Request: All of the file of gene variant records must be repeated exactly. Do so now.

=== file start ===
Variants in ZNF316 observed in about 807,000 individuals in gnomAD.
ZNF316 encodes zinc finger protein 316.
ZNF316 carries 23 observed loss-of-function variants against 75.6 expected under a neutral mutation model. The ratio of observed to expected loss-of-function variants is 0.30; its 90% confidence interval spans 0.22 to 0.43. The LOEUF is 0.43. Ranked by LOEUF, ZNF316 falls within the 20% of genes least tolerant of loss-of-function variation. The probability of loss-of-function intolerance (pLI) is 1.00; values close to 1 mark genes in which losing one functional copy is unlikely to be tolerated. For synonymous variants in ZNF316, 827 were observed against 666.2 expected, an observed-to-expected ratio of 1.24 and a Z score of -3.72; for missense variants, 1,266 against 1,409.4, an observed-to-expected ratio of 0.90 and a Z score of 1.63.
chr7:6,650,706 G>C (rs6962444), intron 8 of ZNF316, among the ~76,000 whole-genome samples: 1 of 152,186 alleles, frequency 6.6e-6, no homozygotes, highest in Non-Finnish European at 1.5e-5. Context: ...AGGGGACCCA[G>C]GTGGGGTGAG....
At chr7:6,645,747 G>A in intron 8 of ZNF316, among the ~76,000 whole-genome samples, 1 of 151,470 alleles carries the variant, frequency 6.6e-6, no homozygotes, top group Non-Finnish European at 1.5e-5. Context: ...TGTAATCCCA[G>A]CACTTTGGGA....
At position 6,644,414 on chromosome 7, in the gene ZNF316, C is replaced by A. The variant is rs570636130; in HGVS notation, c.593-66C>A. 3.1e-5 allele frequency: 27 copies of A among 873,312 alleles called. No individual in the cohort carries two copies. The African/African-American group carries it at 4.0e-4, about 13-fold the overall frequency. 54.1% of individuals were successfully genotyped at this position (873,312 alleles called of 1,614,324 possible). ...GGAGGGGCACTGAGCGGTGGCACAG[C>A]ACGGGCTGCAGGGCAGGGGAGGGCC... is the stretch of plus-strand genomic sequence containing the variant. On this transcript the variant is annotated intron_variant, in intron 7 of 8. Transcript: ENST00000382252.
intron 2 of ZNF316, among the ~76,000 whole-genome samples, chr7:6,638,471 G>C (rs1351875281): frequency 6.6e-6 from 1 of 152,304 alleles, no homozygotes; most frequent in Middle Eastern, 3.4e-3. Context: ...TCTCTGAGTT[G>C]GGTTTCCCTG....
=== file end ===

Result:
Variants in ZNF316 observed in about 807,000 individuals in gnomAD.
ZNF316 encodes zinc finger protein 316.
ZNF316 carries 23 observed loss-of-function variants against 75.6 expected under a neutral mutation model. The ratio of observed to expected loss-of-function variants is 0.30; its 90% confidence interval spans 0.22 to 0.43. The LOEUF is 0.43. Ranked by LOEUF, ZNF316 falls within the 20% of genes least tolerant of loss-of-function variation. The probability of loss-of-function intolerance (pLI) is 1.00; values close to 1 mark genes in which losing one functional copy is unlikely to be tolerated. For synonymous variants in ZNF316, 827 were observed against 666.2 expected, an observed-to-expected ratio of 1.24 and a Z score of -3.72; for missense variants, 1,266 against 1,409.4, an observed-to-expected ratio of 0.90 and a Z score of 1.63.
chr7:6,650,706 G>C (rs6962444), intron 8 of ZNF316, among the ~76,000 whole-genome samples: 1 of 152,186 alleles, frequency 6.6e-6, no homozygotes, highest in Non-Finnish European at 1.5e-5. Context: ...AGGGGACCCA[G>C]GTGGGGTGAG....
At chr7:6,645,747 G>A in intron 8 of ZNF316, among the ~76,000 whole-genome samples, 1 of 151,470 alleles carries the variant, frequency 6.6e-6, no homozygotes, top group Non-Finnish European at 1.5e-5. Context: ...TGTAATCCCA[G>A]CACTTTGGGA....
At position 6,644,414 on chromosome 7, in the gene ZNF316, C is replaced by A. The variant is rs570636130; in HGVS notation, c.593-66C>A. 3.1e-5 allele frequency: 27 copies of A among 873,312 alleles called. No individual in the cohort carries two copies. The African/African-American group carries it at 4.0e-4, about 13-fold the overall frequency. 54.1% of individuals were successfully genotyped at this position (873,312 alleles called of 1,614,324 possible). ...GGAGGGGCACTGAGCGGTGGCACAG[C>A]ACGGGCTGCAGGGCAGGGGAGGGCC... is the stretch of plus-strand genomic sequence containing the variant. On this transcript the variant is annotated intron_variant, in intron 7 of 8. Transcript: ENST00000382252.
intron 2 of ZNF316, among the ~76,000 whole-genome samples, chr7:6,638,471 G>C (rs1351875281): frequency 6.6e-6 from 1 of 152,304 alleles, no homozygotes; most frequent in Middle Eastern, 3.4e-3. Context: ...TCTCTGAGTT[G>C]GGTTTCCCTG....